1896 Print over 100 years old The Mansion House


3 in stock



Antique print dated 1896.

The page is over 100 years old and in very good condition.

In order to enhance and protect the page we have set in within a bespoke frame and mount.

Frame size 400mm x 370mm. Available also in a brown with gold pencil-line frame, your choice.  RL.25.

Entitled – The Mansion House.

Below the picture an inscription reads:

The Mansion House. – In olden times the Lord Mayors of London often dwelt in the neighbourhood of the Old Jewry.

In 1739, however, Lord Mayor Perry laid the first stone of the present dull and stately Mansion House;  and Sir Crisp Gascoigne (1753) was the first Lord Mayor that resided in it.

The architect was George Dance the elder, who selected the Greek style for the City palace, which, by the way, cost more than £70,000.

The Mansion House is very substantially built of Portland stone, and has a portico of six lofty fluted columns, of the Corinthian order, in the front.

The basement story is very massive, and in the centre of it is the low doorway that leads to the kitchens, cellars, and other domestic offices.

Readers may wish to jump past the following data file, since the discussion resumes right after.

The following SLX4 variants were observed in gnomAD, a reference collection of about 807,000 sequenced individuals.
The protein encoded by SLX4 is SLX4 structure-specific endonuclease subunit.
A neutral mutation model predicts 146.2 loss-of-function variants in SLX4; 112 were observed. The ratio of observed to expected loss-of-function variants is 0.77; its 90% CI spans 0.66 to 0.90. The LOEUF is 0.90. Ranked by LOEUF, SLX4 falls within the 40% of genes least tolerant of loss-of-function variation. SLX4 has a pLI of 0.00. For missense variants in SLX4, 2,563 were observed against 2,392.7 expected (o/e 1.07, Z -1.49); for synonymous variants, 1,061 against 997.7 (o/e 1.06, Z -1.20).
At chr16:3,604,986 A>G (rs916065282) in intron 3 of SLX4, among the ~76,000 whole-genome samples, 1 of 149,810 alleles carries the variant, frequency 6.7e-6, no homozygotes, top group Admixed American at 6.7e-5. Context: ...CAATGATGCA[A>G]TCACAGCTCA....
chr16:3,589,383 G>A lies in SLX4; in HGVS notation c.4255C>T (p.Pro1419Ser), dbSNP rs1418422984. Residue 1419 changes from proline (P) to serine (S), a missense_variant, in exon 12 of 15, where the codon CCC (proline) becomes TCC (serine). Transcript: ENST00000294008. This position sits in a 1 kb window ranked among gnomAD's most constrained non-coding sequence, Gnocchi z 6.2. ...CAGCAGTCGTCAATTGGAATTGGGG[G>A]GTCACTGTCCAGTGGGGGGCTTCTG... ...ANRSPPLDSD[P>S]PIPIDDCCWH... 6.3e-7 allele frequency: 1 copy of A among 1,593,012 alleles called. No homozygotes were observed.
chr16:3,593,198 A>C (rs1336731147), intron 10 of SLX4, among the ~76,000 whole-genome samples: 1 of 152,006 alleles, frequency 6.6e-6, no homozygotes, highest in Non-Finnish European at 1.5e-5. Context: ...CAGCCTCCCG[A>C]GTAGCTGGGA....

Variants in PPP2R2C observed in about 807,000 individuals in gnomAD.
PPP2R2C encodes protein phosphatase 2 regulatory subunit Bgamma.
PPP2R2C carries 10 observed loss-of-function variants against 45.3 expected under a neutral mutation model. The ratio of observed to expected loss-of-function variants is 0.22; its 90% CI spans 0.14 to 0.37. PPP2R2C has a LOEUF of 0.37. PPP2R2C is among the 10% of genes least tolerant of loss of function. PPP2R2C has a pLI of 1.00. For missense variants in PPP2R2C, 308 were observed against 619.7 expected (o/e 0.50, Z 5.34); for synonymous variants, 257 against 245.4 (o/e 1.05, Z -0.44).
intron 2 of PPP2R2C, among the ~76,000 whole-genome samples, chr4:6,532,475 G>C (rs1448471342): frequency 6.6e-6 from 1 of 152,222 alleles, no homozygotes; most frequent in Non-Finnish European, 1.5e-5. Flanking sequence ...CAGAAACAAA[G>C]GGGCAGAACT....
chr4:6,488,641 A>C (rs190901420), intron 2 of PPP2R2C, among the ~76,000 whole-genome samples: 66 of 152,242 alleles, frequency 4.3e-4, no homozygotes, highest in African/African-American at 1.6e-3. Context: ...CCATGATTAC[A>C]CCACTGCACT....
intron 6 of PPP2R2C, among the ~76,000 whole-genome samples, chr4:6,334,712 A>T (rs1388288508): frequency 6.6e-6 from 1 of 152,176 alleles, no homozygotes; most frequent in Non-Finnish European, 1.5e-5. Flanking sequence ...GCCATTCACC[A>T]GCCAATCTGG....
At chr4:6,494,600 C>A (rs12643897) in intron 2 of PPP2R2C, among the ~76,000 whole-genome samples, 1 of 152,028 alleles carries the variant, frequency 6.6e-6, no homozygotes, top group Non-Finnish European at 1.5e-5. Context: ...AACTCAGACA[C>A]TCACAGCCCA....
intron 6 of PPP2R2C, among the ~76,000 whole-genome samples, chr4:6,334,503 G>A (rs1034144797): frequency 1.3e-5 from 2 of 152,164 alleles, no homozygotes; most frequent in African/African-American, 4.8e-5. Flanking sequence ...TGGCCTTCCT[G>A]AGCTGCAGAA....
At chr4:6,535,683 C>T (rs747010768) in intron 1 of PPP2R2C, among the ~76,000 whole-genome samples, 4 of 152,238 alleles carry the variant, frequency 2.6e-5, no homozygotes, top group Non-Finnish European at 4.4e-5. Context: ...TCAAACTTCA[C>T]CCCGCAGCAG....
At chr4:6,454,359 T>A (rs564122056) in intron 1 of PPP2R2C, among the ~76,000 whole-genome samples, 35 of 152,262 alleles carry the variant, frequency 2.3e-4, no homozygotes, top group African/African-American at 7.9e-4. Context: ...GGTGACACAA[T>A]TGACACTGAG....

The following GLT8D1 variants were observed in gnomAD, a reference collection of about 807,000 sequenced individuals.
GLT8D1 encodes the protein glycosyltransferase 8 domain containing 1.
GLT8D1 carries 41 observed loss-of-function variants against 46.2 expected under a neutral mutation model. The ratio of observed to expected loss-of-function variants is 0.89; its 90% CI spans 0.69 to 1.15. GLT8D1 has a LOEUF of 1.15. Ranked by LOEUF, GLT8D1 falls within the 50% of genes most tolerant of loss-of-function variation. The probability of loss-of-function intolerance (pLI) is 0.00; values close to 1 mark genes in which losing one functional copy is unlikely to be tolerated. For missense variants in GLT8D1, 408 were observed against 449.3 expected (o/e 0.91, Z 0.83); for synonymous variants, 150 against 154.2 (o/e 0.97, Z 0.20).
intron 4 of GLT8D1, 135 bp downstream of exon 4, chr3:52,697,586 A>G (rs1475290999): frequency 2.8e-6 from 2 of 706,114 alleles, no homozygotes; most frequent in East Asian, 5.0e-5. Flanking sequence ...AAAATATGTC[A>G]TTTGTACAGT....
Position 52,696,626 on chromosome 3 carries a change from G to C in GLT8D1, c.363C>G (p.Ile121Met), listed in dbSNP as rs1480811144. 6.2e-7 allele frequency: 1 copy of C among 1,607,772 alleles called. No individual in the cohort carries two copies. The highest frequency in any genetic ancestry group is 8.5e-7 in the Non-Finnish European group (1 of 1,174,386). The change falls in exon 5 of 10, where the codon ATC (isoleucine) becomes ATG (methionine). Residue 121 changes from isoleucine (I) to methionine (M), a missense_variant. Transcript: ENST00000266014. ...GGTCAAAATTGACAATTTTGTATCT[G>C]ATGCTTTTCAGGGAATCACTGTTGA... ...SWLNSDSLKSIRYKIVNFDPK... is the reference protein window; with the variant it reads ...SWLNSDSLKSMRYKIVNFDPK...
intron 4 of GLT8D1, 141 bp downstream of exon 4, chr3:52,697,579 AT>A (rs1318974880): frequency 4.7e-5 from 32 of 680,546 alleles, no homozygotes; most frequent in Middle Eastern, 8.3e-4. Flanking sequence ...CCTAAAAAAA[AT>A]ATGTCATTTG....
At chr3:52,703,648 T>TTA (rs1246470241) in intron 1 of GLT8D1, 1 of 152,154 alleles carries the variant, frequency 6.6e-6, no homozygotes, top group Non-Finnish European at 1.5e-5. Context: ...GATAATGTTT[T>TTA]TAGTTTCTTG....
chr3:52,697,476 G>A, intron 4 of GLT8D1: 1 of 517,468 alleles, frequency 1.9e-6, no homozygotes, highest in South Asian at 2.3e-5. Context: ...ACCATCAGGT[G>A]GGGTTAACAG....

On each side rises a flight of steps, of very considerable extent, leading up to the portico.

The Mansion House is an oblong, and has an area in the middle.

At the farthest end of it is situated the grand and lofty Egyptian Hall, a stately banqueting-room, designed by the Earl of Burlington, and intended to resemble an Egyptian chamber described by Vitruvius.

This magnificent apartment can dine 400 guests;  it has two side screens of lofty columns, supporting a vaulted roof, and is lit by a large west window.

There are several other splendid dining-rooms, such as the Venetian Parlour, Wilkes’s Parlour, and so on.

The drawing-room and ball-room are superbly decorated;  and above the latter is the Justice Room, constructed in 1849, where the Lord Mayor sits daily.

The Mansion House kitchen is a large hall provided with all kinds of culinary appliances, including ranges almost big enough to roast an entire ox.

If you buy an item and then see it relisted this is because we occasionally have more than one available, each page is original and not a photocopy.

Thank You For Looking, please visit our shop.

Additional information